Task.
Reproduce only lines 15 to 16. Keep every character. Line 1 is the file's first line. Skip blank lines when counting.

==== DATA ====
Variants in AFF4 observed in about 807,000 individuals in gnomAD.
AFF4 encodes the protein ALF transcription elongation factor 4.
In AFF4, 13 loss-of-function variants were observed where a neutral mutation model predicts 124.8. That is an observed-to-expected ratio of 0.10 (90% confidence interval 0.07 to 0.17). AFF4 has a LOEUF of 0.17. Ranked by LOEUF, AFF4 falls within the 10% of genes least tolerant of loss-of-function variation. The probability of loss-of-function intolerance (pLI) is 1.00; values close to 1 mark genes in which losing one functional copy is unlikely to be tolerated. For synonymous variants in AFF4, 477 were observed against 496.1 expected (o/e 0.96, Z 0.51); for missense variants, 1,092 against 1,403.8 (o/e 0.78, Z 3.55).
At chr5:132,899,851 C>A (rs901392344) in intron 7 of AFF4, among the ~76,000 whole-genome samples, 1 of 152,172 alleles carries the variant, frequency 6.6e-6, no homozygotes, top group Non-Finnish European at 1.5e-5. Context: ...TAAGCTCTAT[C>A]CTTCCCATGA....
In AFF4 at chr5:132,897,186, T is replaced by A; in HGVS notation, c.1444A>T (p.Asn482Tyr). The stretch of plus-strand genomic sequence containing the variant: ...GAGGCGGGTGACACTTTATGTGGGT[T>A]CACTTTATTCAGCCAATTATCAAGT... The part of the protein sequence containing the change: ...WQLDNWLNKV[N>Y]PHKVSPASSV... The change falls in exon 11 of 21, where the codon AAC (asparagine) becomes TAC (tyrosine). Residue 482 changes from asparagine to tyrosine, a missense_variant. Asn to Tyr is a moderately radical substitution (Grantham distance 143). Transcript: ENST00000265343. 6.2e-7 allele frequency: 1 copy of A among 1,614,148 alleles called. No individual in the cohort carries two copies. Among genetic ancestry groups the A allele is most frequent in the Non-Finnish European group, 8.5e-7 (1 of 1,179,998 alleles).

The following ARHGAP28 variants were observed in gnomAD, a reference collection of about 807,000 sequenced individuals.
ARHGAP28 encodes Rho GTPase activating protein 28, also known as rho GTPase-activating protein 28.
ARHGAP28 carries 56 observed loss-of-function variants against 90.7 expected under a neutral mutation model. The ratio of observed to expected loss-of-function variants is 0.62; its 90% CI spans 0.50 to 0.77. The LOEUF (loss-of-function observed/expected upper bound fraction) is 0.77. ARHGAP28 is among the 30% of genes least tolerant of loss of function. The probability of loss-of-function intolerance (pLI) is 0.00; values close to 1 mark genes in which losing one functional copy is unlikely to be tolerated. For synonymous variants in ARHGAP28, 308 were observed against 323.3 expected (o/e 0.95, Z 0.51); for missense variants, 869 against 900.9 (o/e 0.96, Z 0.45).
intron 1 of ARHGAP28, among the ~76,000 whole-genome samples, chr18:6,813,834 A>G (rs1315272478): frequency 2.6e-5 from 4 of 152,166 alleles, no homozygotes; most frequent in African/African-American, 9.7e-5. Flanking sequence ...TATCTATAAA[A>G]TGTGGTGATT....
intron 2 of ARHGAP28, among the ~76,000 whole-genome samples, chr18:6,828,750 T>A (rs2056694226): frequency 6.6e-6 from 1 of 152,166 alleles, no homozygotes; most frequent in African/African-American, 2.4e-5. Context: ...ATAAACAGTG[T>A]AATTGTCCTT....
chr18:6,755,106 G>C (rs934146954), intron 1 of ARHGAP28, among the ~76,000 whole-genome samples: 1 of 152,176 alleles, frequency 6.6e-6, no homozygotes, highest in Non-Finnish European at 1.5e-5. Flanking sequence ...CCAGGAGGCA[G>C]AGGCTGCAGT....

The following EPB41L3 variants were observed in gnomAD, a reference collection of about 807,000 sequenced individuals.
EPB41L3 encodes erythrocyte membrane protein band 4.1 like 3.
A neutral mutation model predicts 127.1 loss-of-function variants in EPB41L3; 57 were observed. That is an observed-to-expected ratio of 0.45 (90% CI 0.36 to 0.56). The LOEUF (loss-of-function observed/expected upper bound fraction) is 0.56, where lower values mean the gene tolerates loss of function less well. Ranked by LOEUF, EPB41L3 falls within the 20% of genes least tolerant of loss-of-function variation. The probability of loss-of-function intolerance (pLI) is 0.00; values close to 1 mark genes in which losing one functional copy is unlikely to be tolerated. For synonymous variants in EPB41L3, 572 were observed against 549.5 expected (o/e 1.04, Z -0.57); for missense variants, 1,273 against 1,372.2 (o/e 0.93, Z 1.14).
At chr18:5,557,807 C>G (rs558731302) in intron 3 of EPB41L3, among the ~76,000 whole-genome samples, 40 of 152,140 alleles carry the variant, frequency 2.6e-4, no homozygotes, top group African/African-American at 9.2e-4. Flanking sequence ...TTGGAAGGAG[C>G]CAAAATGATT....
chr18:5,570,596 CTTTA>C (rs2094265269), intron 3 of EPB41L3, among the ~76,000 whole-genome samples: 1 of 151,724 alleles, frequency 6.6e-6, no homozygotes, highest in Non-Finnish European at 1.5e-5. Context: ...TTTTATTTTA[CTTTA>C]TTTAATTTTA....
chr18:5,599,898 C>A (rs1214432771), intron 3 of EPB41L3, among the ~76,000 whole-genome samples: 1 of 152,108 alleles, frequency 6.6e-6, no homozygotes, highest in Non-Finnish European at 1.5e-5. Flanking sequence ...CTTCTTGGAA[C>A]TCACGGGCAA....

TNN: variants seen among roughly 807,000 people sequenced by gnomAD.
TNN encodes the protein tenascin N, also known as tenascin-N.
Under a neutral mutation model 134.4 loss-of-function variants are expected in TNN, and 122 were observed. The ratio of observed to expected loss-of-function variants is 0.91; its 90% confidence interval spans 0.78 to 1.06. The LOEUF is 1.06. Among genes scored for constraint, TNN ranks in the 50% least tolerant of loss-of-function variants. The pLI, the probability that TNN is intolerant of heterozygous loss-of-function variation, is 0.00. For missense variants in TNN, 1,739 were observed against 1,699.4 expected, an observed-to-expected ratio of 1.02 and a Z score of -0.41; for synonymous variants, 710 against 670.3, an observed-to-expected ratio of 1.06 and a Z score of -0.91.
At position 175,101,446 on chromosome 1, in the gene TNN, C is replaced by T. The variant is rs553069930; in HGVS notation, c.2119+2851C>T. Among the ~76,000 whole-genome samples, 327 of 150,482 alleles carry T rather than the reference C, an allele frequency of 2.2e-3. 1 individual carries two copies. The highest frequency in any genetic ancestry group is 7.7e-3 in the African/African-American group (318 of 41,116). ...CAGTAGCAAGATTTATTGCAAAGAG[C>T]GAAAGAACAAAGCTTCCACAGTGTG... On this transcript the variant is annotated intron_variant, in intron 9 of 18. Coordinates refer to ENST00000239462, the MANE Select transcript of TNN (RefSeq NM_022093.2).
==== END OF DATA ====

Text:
At chr18:5,557,807 C>G (rs558731302) in intron 3 of EPB41L3, among the ~76,000 whole-genome samples, 40 of 152,140 alleles carry the variant, frequency 2.6e-4, no homozygotes, top group African/African-American at 9.2e-4. Flanking sequence ...TTGGAAGGAG[C>G]CAAAATGATT....
chr18:5,570,596 CTTTA>C (rs2094265269), intron 3 of EPB41L3, among the ~76,000 whole-genome samples: 1 of 151,724 alleles, frequency 6.6e-6, no homozygotes, highest in Non-Finnish European at 1.5e-5. Context: ...TTTTATTTTA[CTTTA>C]TTTAATTTTA....